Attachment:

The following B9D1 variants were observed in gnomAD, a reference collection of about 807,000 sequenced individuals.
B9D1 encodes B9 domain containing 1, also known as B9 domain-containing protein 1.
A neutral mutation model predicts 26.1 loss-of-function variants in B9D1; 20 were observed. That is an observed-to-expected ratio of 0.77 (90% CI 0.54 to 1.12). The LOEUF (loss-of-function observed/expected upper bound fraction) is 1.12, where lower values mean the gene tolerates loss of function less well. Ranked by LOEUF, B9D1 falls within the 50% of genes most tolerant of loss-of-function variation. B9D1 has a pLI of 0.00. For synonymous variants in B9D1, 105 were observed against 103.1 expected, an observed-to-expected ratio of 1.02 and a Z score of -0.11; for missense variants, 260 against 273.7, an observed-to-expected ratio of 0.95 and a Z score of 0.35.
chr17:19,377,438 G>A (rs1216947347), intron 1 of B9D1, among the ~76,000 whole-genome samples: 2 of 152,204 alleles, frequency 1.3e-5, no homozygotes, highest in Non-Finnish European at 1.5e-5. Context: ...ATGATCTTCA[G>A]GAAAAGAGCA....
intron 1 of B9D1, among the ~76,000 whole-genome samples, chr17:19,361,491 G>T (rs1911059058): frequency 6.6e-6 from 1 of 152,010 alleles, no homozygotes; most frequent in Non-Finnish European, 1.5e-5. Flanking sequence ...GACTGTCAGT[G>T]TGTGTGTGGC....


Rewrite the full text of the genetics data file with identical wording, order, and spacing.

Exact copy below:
The following B9D1 variants were observed in gnomAD, a reference collection of about 807,000 sequenced individuals.
B9D1 encodes B9 domain containing 1, also known as B9 domain-containing protein 1.
A neutral mutation model predicts 26.1 loss-of-function variants in B9D1; 20 were observed. That is an observed-to-expected ratio of 0.77 (90% CI 0.54 to 1.12). The LOEUF (loss-of-function observed/expected upper bound fraction) is 1.12, where lower values mean the gene tolerates loss of function less well. Ranked by LOEUF, B9D1 falls within the 50% of genes most tolerant of loss-of-function variation. B9D1 has a pLI of 0.00. For synonymous variants in B9D1, 105 were observed against 103.1 expected, an observed-to-expected ratio of 1.02 and a Z score of -0.11; for missense variants, 260 against 273.7, an observed-to-expected ratio of 0.95 and a Z score of 0.35.
chr17:19,377,438 G>A (rs1216947347), intron 1 of B9D1, among the ~76,000 whole-genome samples: 2 of 152,204 alleles, frequency 1.3e-5, no homozygotes, highest in Non-Finnish European at 1.5e-5. Context: ...ATGATCTTCA[G>A]GAAAAGAGCA....
intron 1 of B9D1, among the ~76,000 whole-genome samples, chr17:19,361,491 G>T (rs1911059058): frequency 6.6e-6 from 1 of 152,010 alleles, no homozygotes; most frequent in Non-Finnish European, 1.5e-5. Flanking sequence ...GACTGTCAGT[G>T]TGTGTGTGGC....